Applicants can view the status of their application, including documents that have been received by our office by logging in here: https://www.nvvetboard.us/glsuiteweb/clients/nvbov/Private/individual/appstatus/login.aspx

Why do you need a transcript when I already submitted one to take my national exam?

The organizations that arrange for national testing are not associated with our licensing Board. Any documents that are submitted to the ICVA or AAVSB for testing are for those organization's use. We require a separate and official copy to be either mailed or emailed to our office.

Does the Board have reciprocity with any other states?

No, Nevada does not have formal reciprocity with any other states for licensure. Reciprocity involves a formal agreement between two states that licensure between the states can be granted with verification of the applicant’s status as a licensee in on of the reciprocal states. Most licensees, however, are licensed by endorsement.

What is the Species Specific Exam, and do I need to take it?

The Species Specific Exam is a test that is administered by the International Council for Veterinary Assessment (ICVA). The exam is only administered to licensees that have not taken the NAVLE or NBE/CCT within 5 years of applying to Nevada and have disciplinary action in another state. Information can be obtained here: https://www.icva.net/?id=64. Diplomates are not required to take the SSE regardless of when they took the national exam.   

How do I sign up for the NAVLE (veterinarian applicants)?

The NAVLE is the national exam for veterinarians that is accepted for Nevada licensure. The test is administered by the ICVA (International Council for Veterinary Assessment), and information can be obtained here: https://www.icva.net/navle/ 

How do I sign up for the VTNE (LVT applicants)?

The VTNE is the national exam for licensed veterinary technicians that is accepted for Nevada licensure. The test is administered by the AAVSB (American Association for Veterinary State Boards), and information can be obtained here: https://www.aavsb.org/vtne/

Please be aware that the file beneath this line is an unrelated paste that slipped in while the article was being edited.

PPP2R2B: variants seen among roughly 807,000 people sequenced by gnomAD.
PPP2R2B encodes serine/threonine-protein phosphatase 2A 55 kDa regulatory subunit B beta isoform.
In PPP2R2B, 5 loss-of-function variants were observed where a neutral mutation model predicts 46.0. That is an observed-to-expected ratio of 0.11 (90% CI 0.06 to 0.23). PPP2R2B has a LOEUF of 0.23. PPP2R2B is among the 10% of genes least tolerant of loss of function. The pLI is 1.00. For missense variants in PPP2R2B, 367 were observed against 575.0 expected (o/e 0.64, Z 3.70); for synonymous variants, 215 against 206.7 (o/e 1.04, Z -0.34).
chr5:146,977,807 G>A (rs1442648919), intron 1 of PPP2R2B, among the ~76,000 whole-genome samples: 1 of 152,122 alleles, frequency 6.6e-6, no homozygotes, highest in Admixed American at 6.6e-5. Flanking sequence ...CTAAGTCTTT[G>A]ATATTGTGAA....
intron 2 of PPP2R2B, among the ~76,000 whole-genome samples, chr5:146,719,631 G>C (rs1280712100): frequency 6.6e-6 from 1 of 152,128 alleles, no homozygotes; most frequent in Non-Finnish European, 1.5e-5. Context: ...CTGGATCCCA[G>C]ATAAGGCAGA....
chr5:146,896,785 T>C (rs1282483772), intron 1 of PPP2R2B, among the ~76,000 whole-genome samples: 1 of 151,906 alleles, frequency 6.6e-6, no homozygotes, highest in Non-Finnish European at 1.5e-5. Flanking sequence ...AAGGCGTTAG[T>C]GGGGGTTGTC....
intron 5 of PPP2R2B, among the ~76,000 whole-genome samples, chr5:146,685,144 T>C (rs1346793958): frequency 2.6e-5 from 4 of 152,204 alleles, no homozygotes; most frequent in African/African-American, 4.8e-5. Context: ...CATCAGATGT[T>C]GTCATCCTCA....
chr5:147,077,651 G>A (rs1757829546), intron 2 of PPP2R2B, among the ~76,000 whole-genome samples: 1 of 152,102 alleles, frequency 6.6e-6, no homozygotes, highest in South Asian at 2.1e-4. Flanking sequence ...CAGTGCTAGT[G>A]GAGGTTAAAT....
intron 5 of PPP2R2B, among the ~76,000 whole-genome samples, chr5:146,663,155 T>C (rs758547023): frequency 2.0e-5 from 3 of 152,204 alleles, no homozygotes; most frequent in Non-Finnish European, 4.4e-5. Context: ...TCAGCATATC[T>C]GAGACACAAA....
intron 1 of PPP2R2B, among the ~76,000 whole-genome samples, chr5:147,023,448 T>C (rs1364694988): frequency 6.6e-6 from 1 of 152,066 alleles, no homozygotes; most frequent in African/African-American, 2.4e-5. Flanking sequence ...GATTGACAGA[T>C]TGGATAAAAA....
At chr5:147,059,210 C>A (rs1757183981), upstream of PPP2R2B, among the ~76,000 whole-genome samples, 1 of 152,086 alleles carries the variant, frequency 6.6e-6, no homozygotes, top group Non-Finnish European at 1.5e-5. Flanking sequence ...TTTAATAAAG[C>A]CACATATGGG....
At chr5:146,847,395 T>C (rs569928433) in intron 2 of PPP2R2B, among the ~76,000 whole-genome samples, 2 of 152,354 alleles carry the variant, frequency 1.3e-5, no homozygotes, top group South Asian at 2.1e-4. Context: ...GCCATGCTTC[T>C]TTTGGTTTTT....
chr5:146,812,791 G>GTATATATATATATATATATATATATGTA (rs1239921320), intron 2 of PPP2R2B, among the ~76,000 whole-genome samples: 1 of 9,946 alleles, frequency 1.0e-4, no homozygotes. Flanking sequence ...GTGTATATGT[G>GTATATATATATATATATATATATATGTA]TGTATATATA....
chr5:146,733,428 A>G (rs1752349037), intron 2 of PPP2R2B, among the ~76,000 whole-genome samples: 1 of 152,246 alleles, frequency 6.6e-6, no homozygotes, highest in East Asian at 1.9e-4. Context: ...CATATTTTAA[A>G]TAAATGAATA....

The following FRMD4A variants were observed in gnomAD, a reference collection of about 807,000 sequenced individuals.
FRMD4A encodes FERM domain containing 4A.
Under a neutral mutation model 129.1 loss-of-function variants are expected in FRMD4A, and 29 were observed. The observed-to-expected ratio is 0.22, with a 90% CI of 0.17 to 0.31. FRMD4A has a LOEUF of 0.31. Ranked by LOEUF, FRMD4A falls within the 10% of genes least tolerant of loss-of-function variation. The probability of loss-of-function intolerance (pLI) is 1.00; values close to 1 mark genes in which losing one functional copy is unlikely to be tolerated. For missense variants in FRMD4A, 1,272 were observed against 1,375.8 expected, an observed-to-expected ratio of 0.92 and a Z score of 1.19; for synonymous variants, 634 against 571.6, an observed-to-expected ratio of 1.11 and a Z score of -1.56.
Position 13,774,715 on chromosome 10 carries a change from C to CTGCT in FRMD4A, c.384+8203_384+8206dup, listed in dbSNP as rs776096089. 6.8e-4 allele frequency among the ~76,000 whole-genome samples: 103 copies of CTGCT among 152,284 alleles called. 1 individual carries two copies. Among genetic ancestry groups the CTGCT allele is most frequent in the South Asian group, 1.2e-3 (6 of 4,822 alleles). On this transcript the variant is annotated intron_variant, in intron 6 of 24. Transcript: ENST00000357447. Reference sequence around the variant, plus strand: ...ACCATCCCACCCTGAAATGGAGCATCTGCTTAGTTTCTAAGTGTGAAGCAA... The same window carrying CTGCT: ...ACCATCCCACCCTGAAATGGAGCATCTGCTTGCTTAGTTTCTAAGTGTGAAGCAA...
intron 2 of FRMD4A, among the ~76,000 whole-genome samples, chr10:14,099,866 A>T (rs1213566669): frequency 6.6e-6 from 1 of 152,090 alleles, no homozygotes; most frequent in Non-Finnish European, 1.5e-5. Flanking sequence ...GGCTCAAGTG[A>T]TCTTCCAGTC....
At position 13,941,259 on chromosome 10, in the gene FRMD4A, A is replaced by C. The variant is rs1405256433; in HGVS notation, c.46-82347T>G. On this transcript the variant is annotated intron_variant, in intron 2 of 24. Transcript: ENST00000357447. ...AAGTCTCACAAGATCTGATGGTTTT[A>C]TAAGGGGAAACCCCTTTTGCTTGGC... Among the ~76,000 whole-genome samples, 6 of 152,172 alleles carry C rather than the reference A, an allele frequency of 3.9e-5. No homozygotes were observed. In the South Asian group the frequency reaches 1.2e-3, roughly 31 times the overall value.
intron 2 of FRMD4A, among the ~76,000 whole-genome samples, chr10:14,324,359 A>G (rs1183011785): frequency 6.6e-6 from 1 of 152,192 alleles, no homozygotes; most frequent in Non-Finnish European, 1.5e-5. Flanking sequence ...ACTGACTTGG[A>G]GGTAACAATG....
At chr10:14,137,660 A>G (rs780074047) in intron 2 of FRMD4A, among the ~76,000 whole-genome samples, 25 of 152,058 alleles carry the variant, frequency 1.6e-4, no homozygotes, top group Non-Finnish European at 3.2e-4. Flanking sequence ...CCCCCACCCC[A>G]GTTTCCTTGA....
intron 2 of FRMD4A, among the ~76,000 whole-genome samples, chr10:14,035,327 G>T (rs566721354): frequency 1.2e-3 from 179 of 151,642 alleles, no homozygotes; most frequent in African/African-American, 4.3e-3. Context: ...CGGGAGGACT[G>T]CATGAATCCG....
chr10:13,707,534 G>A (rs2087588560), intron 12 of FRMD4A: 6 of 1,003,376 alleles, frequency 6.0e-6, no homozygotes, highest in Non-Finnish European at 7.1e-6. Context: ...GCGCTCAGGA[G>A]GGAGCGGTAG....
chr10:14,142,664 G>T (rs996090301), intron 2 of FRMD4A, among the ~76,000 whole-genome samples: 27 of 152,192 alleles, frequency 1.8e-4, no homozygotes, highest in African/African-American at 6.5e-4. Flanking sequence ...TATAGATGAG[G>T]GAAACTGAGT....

Do I need to complete the qualification list for my LVT application?

The qualification list for LVT applicants should only be submitted if you have not attended an AVMA accredited veterinary technician program. Per Nevada law, a VTIT that has received a Bachelor of Science degree in an area related to an animal science or in another area approved by the Board

What is a veterinary technician in training (VTIT)?

A VTIT is a person registered with the Board who may perform the tasks of a veterinary technician under the immediate supervision of a supervising veterinarian or licensed veterinary technician. The VTIT registrant must be a fourth-year student enrolled in a 4-year program or a second-year student enrolled in a 2-year program that is accredited by the AVMA. Additionally, a VTIT can be registered if he/she has completed a Bachelor of Science in an animal science related field. If a VTIT has a BS, they are required to obtain 4,000 hours of supervised clinical experience to fulfill the educational requirement for LVT licensure. Please see the VTIT application page for more information.

How is a veterinary technician in training (VTIT) different than a licensed veterinary technician (LVT)?

A VTIT can perform the same scope of practice as an LVT, but all activities must be done under the immediate supervision of a licensed veterinarian.

How long does it take to get licensed?

The Board and its administrative staff strive to expedite the licensure process. Once applications are complete, the office staff will issue a license by mail within 3-5 business days. The issuance of the license will also be accompanied by an email with your licensure information which can be used to practice until the paper license arrives by mail.

What qualifies as an ‘official’ document?

Depending on the document, an official document generally means that it is being provided directly from the issuing institution. The following documents must be official in order to fulfill the application requirement:

 

Transcripts: must be sent (emailed or mailed) directly from the issuing school by mail or email

Test scores: must be sent (emailed or mailed) directly to the Board office from the test administrators (AAVSB or ICVA)

Letters of Good standing: must be sent directly from the issuing state by mail or email from the issuing state.